Dr. William Raoofi is a Fellowship-trained specialist in pain management, providing advanced care for patients with a range of conditions that may cause chronic pain issues.
Inflammatory bowel disease, or IBD, includes disorders that cause inflammation of the intestines. IBD is treated at Mercy by expert gastroenterologists.
The Shoulder, Elbow, Wrist and Hand Center offers physician expertise with a dedication to advanced treatments for shoulder, elbow, wrist and hand conditions.
Mercy offers emergency care on the Downtown Baltimore campus 24 hours a day, 7 days a week (410-332-9477) with access to a trained emergency medicine team, diagnostic services and consultations with specialists.
In case of an Emergency, Dial 911 and follow the instructions of the EMS (Emergency Medical Services) team.
Mercy Medical Center's downtown campus includes our Main Hospital - The Mary Catherine Bunting Center, McAuley Plaza and The Weinberg Center.
General visiting hours at Mercy are 11:00 am to 8:30 pm. Hours vary by floor, please check with the nursing staff or call 410-332-9555.
This 3D medical animation describes the process of a HIPEC procedure, including Cytoreductive Surgery.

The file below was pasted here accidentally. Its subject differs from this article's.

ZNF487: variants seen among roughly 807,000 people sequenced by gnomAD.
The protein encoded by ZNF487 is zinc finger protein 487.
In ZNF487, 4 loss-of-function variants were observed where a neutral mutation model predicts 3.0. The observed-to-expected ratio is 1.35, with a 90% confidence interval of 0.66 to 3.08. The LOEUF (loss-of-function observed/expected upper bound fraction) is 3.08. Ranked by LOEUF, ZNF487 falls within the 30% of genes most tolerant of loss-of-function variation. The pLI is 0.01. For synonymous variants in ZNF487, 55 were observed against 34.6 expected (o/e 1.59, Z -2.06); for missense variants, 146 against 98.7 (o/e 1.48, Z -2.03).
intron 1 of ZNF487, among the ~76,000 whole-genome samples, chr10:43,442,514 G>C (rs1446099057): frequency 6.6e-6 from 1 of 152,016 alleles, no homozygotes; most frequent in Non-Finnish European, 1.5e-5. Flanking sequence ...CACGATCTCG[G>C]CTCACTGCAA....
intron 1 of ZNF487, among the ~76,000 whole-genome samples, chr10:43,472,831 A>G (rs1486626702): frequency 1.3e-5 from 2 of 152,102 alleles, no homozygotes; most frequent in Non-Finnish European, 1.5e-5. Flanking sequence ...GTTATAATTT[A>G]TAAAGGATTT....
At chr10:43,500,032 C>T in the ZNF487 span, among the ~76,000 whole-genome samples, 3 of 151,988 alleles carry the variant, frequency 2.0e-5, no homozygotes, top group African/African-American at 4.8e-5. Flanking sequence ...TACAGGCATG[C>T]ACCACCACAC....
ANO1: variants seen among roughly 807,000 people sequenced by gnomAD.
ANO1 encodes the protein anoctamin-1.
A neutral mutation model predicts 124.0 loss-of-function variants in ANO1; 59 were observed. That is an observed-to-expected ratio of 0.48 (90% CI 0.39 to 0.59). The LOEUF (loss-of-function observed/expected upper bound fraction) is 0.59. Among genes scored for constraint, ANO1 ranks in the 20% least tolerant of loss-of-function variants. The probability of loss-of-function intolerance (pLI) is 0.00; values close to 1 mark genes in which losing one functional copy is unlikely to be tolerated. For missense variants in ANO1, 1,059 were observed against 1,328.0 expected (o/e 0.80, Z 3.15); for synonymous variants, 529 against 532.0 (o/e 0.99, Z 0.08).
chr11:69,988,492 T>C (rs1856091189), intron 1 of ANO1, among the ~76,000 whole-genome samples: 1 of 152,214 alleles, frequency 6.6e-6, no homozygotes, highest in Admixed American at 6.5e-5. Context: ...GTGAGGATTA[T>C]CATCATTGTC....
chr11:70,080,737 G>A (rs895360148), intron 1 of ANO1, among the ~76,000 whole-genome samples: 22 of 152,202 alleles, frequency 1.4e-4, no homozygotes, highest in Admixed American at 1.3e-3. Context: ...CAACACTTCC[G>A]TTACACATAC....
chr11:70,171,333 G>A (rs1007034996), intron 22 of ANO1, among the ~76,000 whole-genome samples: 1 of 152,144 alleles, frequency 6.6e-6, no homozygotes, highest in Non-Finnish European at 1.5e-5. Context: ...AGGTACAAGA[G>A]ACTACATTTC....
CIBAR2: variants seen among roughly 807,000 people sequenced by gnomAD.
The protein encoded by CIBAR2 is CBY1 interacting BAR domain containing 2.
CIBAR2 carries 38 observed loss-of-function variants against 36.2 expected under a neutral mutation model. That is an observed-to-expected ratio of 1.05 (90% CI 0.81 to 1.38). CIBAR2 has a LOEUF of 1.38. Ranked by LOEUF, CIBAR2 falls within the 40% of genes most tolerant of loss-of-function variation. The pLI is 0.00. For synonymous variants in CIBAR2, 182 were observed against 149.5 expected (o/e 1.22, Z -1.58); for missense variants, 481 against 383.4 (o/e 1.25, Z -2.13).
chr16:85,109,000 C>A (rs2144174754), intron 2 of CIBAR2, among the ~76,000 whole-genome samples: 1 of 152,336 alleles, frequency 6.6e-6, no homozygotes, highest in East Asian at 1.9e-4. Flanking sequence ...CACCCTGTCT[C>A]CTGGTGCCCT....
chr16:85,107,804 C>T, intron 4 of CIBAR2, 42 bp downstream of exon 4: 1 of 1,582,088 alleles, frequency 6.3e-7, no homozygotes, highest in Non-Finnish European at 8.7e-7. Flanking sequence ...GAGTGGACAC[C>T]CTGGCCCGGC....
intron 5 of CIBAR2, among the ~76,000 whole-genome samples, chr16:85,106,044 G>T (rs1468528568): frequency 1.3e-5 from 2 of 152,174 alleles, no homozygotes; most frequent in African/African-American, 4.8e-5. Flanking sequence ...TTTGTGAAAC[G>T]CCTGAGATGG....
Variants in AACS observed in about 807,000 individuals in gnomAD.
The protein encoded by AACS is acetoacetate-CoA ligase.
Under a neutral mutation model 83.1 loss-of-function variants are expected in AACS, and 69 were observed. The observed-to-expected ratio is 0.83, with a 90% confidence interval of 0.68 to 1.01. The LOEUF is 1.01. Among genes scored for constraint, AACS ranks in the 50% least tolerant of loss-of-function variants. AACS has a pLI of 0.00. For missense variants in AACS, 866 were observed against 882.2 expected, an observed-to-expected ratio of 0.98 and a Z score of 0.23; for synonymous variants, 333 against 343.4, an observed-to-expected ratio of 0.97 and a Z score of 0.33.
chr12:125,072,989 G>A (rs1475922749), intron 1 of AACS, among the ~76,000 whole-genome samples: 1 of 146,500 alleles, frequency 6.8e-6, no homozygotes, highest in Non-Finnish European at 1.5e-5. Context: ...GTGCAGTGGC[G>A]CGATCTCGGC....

Told he had no more than 2 years to live, Tim, along with his wife, Denise, and daughters Skyler and Mackenzie began researching PMCA, thus laying the groundwork for Be UninTIMidated.
Peritoneal cancer is rare and hard to spot, but patients can get better if they're diagnosed correctly and get some aggressive treatment.
Dr. Armando Sardi, Director of The Institute for Cancer Care at Mercy Medical Center, speaks on HIPEC surgery as treatment of late stage abdominal cancer.
Mercy's Surgical Oncology team is widely regarded for their training and skills in utilizing hyperthermic intraperitoneal chemotherapy (HIPEC) to treat advanced stages of abdominal cancer (peritoneal surface malignancies).
Dr. Vadim Gushchin, Director of Mercy's prestigious HIPEC Program, is among the region’s leading surgical oncologists, offering long-time expertise in the treatment of complex cancers.
A Mercy patient says she believes in miracles after being diagnosed with primary peritoneal cancer and given a second chance at life.